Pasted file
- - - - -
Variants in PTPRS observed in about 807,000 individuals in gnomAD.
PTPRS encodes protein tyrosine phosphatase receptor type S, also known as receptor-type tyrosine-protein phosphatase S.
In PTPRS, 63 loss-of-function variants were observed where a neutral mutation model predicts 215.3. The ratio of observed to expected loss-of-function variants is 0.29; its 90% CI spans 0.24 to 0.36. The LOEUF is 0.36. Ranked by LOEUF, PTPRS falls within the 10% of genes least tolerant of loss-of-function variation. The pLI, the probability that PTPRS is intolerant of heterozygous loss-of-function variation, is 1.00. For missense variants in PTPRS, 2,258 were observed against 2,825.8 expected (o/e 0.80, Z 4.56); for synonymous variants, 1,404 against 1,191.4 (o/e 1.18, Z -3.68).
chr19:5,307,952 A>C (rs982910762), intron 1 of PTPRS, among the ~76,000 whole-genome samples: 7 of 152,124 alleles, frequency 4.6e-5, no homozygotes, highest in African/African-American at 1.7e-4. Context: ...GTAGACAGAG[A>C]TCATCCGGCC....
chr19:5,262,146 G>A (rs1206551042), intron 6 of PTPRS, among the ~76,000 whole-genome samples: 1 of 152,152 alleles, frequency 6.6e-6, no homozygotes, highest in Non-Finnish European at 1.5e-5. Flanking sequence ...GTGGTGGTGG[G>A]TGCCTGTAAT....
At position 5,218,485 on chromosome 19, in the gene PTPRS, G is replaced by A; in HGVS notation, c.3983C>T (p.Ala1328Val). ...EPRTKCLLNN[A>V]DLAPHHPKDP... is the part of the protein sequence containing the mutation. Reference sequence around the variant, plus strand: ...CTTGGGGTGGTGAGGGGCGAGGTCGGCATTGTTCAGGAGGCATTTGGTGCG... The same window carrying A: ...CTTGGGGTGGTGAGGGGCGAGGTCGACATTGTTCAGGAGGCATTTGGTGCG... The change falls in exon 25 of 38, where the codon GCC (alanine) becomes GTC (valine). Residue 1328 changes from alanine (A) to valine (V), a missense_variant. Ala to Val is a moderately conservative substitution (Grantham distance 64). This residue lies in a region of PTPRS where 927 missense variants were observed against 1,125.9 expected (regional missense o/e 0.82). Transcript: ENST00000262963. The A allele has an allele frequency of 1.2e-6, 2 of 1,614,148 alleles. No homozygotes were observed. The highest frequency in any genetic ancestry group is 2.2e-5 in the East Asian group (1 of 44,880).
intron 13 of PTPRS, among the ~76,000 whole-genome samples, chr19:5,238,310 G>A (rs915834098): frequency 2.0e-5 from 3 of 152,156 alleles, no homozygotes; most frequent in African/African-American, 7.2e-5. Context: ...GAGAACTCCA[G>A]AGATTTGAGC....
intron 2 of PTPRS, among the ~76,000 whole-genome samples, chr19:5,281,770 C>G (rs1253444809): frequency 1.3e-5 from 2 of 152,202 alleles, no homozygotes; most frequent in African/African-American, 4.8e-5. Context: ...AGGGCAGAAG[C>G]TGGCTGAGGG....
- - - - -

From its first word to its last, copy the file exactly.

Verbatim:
Variants in PTPRS observed in about 807,000 individuals in gnomAD.
PTPRS encodes protein tyrosine phosphatase receptor type S, also known as receptor-type tyrosine-protein phosphatase S.
In PTPRS, 63 loss-of-function variants were observed where a neutral mutation model predicts 215.3. The ratio of observed to expected loss-of-function variants is 0.29; its 90% CI spans 0.24 to 0.36. The LOEUF is 0.36. Ranked by LOEUF, PTPRS falls within the 10% of genes least tolerant of loss-of-function variation. The pLI, the probability that PTPRS is intolerant of heterozygous loss-of-function variation, is 1.00. For missense variants in PTPRS, 2,258 were observed against 2,825.8 expected (o/e 0.80, Z 4.56); for synonymous variants, 1,404 against 1,191.4 (o/e 1.18, Z -3.68).
chr19:5,307,952 A>C (rs982910762), intron 1 of PTPRS, among the ~76,000 whole-genome samples: 7 of 152,124 alleles, frequency 4.6e-5, no homozygotes, highest in African/African-American at 1.7e-4. Context: ...GTAGACAGAG[A>C]TCATCCGGCC....
chr19:5,262,146 G>A (rs1206551042), intron 6 of PTPRS, among the ~76,000 whole-genome samples: 1 of 152,152 alleles, frequency 6.6e-6, no homozygotes, highest in Non-Finnish European at 1.5e-5. Flanking sequence ...GTGGTGGTGG[G>A]TGCCTGTAAT....
At position 5,218,485 on chromosome 19, in the gene PTPRS, G is replaced by A; in HGVS notation, c.3983C>T (p.Ala1328Val). ...EPRTKCLLNN[A>V]DLAPHHPKDP... is the part of the protein sequence containing the mutation. Reference sequence around the variant, plus strand: ...CTTGGGGTGGTGAGGGGCGAGGTCGGCATTGTTCAGGAGGCATTTGGTGCG... The same window carrying A: ...CTTGGGGTGGTGAGGGGCGAGGTCGACATTGTTCAGGAGGCATTTGGTGCG... The change falls in exon 25 of 38, where the codon GCC (alanine) becomes GTC (valine). Residue 1328 changes from alanine (A) to valine (V), a missense_variant. Ala to Val is a moderately conservative substitution (Grantham distance 64). This residue lies in a region of PTPRS where 927 missense variants were observed against 1,125.9 expected (regional missense o/e 0.82). Transcript: ENST00000262963. The A allele has an allele frequency of 1.2e-6, 2 of 1,614,148 alleles. No homozygotes were observed. The highest frequency in any genetic ancestry group is 2.2e-5 in the East Asian group (1 of 44,880).
intron 13 of PTPRS, among the ~76,000 whole-genome samples, chr19:5,238,310 G>A (rs915834098): frequency 2.0e-5 from 3 of 152,156 alleles, no homozygotes; most frequent in African/African-American, 7.2e-5. Context: ...GAGAACTCCA[G>A]AGATTTGAGC....
intron 2 of PTPRS, among the ~76,000 whole-genome samples, chr19:5,281,770 C>G (rs1253444809): frequency 1.3e-5 from 2 of 152,202 alleles, no homozygotes; most frequent in African/African-American, 4.8e-5. Context: ...AGGGCAGAAG[C>G]TGGCTGAGGG....